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In Microsoft's documentation, in the Named Clients example, they retrieve an HttpClient from the IoC container:

var httpClient = _httpClientFactory.CreateClient("GitHub");

In the Typed Clients example, the service that they register as an HttpClient, GitHubService, creates its own HttpClient:

public class GitHubService
{
    private readonly HttpClient _httpClient;

    public GitHubService(HttpClient httpClient)
    {
        _httpClient = httpClient;
        ...

Then, of course, to use the HttpClient, a consuming class would create an instance of GitHubService.

This leaves me with two questions:

  1. In the Typed Clients example, is GitHubService actually implementing IHttpClientFactory since it is creating its HttpClient directly?
  2. Also in the Typed Clients example, what role is the IoC container playing? Couldn't the same be done without registering GitHubService with the IoC container at all?
5
  • If GitHubService implemented IHttpClientFactory, then you would see this code: public class GitHubService : IHttpClientFactory Aug 26, 2022 at 17:27
  • "GitHubService, creates its own HttpClient" - I think this is at the root of your confusion. GitHubService does not create an HttpClient - go through the article, you'll see that this isn't stated anywhere. The HttpClient is externally injected, and GitHubService just stores whatever instance was provided to it. You also say "to use the HttpClient, a consuming class would create an instance of GitHubService", but it's exactly the other way around - for calling code to use a GitHubService instance, it has to either create an HttpClient first, then pass it to GitHubService constructor, or 1/2 Aug 26, 2022 at 19:02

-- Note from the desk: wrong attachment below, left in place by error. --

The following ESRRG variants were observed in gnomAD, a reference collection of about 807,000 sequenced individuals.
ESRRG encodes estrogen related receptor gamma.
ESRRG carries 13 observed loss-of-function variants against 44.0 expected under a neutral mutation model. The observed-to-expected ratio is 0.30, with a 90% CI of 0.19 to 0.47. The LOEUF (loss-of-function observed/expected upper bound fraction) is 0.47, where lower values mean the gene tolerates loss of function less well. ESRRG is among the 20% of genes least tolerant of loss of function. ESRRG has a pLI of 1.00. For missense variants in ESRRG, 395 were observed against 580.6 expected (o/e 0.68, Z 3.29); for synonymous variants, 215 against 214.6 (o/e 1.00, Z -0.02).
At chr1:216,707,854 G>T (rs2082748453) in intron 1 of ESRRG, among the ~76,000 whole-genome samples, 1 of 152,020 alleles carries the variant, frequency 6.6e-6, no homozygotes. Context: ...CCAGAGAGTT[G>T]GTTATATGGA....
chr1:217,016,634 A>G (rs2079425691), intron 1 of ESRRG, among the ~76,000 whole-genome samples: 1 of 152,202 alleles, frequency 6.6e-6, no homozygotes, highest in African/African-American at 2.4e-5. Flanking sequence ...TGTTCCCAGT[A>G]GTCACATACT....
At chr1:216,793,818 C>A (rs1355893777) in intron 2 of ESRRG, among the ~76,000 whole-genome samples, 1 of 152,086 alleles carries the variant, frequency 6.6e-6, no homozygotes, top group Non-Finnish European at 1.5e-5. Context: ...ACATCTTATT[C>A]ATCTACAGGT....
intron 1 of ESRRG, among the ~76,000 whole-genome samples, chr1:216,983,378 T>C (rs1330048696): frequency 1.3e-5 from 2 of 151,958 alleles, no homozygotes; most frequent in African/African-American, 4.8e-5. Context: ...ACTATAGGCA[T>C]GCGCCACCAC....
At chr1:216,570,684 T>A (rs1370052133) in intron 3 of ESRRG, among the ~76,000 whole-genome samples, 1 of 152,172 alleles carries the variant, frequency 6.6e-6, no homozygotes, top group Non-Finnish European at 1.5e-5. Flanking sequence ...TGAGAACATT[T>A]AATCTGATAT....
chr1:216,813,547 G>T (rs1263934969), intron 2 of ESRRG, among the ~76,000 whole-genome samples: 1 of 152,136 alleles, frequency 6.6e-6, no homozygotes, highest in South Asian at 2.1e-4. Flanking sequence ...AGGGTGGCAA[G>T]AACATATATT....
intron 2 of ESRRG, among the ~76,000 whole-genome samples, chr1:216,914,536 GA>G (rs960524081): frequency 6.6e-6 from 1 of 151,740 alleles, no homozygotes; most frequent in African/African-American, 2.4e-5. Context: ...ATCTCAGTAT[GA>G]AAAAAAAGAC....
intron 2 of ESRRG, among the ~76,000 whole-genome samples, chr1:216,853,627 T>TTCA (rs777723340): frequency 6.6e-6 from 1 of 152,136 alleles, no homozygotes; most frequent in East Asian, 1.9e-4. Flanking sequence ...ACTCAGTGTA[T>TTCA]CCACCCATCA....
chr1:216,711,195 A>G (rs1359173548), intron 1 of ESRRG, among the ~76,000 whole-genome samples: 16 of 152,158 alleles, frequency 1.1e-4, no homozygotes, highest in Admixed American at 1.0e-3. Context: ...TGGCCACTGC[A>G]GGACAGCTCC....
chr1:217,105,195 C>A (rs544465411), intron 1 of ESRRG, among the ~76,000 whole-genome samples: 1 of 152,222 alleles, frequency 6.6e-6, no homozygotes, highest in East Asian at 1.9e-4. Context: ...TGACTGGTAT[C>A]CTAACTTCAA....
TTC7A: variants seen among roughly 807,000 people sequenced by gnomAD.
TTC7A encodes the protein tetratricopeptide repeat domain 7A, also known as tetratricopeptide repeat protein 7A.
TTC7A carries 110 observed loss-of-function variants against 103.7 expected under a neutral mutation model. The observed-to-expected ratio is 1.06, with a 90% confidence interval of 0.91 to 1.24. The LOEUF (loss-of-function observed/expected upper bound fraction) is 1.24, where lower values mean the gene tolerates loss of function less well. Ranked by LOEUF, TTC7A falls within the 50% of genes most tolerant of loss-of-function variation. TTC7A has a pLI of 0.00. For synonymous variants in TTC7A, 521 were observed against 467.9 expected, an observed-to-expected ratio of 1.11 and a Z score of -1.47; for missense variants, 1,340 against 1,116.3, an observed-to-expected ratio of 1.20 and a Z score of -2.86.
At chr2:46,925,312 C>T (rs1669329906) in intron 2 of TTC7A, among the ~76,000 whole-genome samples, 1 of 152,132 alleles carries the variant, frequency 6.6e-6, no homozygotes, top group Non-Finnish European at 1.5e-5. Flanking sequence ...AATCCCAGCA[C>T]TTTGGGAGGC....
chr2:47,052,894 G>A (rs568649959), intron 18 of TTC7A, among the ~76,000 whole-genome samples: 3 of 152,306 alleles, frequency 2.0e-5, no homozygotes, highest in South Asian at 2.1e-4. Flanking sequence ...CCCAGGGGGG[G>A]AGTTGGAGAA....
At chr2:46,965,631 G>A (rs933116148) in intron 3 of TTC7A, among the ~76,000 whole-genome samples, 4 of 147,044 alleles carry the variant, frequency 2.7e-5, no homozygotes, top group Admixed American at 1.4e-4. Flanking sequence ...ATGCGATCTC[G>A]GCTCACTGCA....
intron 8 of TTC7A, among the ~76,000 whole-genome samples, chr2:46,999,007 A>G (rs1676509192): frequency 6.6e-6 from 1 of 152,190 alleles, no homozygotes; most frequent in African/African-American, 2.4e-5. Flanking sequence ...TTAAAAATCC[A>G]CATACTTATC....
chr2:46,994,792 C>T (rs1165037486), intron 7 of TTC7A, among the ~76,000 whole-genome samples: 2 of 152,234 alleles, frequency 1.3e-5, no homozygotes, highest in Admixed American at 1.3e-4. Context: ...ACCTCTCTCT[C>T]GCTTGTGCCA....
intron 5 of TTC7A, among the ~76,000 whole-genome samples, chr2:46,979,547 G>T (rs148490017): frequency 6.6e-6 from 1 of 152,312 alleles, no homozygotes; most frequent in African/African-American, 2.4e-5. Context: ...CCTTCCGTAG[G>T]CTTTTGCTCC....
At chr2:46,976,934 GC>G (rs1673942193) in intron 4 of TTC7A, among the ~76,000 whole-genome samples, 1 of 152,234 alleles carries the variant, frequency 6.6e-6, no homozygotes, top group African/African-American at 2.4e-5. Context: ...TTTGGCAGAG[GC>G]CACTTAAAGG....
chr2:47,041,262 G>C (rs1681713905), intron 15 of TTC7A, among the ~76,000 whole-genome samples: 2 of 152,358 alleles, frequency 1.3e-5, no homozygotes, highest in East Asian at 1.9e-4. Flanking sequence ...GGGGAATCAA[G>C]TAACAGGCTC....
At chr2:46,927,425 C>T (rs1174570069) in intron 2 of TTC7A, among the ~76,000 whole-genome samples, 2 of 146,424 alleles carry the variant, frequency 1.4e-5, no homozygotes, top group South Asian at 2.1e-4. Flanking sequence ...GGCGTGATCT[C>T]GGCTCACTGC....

• ...or it has to receive a GitHubService instance from some other code that already has it or knows how to make one (in this case, the DI container). [for clarity: talking about the Typed Client example] 2/2 Aug 26, 2022 at 19:02
  • @FilipMilovanović thanks for your response. You're right about the HttpClient in GitHubService; I should re-word that. However, when a new instance of GitHubService is instantiated, doesn't the caller have to provide an HttpClient? Otherwise, the caller does not meet the requirements of GitHubService's constructor, no?
    – chrisxfire
    Aug 26, 2022 at 19:11
  • Yes - that's what I wrote above. Whatever code is directly creating the GitHubService instance (and this code is not necessarily the intended client code), it has to provide an HttpClient. In the case where the caller is also the one creating the GitHubService, providing an HttpClient is also its responsibility. Otherwise, some other code does that work (instantiation), and provides the HttpClient to the GitHubService constructor - and this is the role that the IoC container plays. Aug 26, 2022 at 19:26

1 Answer 1

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The key thing you are missing from the Typed Client example is the way it is instantiated

"The typed client is registered as transient with DI"

This means every time it's fetched from the DI container, the DI container creates a new instance. The new instance needs a new httpClient for its construction, which is in turn provided by the DI container via a registered HttpClientFactory.

So to answer your direct questions

  1. No, it doesn't create and expose a httpClient.

  2. The role of the IoC container is to ensure that the httpClient used is generated from the client factory every time GitHubService.GetAspNetCoreDocsBranchesAsync() is called.

    If you didn't use the container then you would have to manage the lifecycle of the underlying HttpClient yourself.

I'm guessing this example is provided to give you guidance on how to integrate this popular way of writing a service class which takes a httpCient as a construction parameter rather than a IHttpClientFactory

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